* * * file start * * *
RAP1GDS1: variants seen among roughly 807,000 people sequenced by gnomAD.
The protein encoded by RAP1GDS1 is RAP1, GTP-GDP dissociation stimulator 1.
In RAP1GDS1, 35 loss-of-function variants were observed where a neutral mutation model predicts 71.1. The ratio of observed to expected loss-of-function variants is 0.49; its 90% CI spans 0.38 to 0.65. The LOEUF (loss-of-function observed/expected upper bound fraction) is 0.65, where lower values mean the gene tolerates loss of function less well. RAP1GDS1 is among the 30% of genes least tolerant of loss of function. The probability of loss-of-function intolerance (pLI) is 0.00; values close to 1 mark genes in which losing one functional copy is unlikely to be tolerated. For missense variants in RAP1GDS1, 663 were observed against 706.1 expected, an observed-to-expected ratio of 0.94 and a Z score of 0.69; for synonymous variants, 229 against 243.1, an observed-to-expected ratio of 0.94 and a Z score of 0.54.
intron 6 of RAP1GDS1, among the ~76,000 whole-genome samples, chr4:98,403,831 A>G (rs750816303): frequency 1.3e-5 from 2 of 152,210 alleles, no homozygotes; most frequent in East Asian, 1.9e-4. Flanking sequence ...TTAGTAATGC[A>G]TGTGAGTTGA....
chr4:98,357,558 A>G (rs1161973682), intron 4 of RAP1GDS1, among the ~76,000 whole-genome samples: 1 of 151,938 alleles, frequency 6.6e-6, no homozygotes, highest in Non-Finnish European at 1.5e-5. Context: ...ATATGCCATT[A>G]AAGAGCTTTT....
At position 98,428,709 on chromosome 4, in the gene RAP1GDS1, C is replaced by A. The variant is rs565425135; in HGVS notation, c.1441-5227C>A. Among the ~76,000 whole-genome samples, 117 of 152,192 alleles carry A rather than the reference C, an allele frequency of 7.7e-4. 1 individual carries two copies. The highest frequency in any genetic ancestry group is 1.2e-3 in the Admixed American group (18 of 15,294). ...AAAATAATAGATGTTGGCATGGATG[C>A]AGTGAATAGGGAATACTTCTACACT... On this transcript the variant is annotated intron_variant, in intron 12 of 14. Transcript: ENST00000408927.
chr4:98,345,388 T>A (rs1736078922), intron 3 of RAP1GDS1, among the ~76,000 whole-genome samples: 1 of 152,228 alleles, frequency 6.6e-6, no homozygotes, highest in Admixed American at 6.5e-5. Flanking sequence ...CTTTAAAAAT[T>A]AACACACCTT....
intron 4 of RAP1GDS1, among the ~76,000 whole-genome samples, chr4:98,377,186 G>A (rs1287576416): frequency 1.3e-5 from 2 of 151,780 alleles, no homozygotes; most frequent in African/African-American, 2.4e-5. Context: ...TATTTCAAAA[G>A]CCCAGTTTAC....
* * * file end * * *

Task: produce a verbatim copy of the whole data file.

RAP1GDS1: variants seen among roughly 807,000 people sequenced by gnomAD.
The protein encoded by RAP1GDS1 is RAP1, GTP-GDP dissociation stimulator 1.
In RAP1GDS1, 35 loss-of-function variants were observed where a neutral mutation model predicts 71.1. The ratio of observed to expected loss-of-function variants is 0.49; its 90% CI spans 0.38 to 0.65. The LOEUF (loss-of-function observed/expected upper bound fraction) is 0.65, where lower values mean the gene tolerates loss of function less well. RAP1GDS1 is among the 30% of genes least tolerant of loss of function. The probability of loss-of-function intolerance (pLI) is 0.00; values close to 1 mark genes in which losing one functional copy is unlikely to be tolerated. For missense variants in RAP1GDS1, 663 were observed against 706.1 expected, an observed-to-expected ratio of 0.94 and a Z score of 0.69; for synonymous variants, 229 against 243.1, an observed-to-expected ratio of 0.94 and a Z score of 0.54.
intron 6 of RAP1GDS1, among the ~76,000 whole-genome samples, chr4:98,403,831 A>G (rs750816303): frequency 1.3e-5 from 2 of 152,210 alleles, no homozygotes; most frequent in East Asian, 1.9e-4. Flanking sequence ...TTAGTAATGC[A>G]TGTGAGTTGA....
chr4:98,357,558 A>G (rs1161973682), intron 4 of RAP1GDS1, among the ~76,000 whole-genome samples: 1 of 151,938 alleles, frequency 6.6e-6, no homozygotes, highest in Non-Finnish European at 1.5e-5. Context: ...ATATGCCATT[A>G]AAGAGCTTTT....
At position 98,428,709 on chromosome 4, in the gene RAP1GDS1, C is replaced by A. The variant is rs565425135; in HGVS notation, c.1441-5227C>A. Among the ~76,000 whole-genome samples, 117 of 152,192 alleles carry A rather than the reference C, an allele frequency of 7.7e-4. 1 individual carries two copies. The highest frequency in any genetic ancestry group is 1.2e-3 in the Admixed American group (18 of 15,294). ...AAAATAATAGATGTTGGCATGGATG[C>A]AGTGAATAGGGAATACTTCTACACT... On this transcript the variant is annotated intron_variant, in intron 12 of 14. Transcript: ENST00000408927.
chr4:98,345,388 T>A (rs1736078922), intron 3 of RAP1GDS1, among the ~76,000 whole-genome samples: 1 of 152,228 alleles, frequency 6.6e-6, no homozygotes, highest in Admixed American at 6.5e-5. Flanking sequence ...CTTTAAAAAT[T>A]AACACACCTT....
intron 4 of RAP1GDS1, among the ~76,000 whole-genome samples, chr4:98,377,186 G>A (rs1287576416): frequency 1.3e-5 from 2 of 151,780 alleles, no homozygotes; most frequent in African/African-American, 2.4e-5. Context: ...TATTTCAAAA[G>A]CCCAGTTTAC....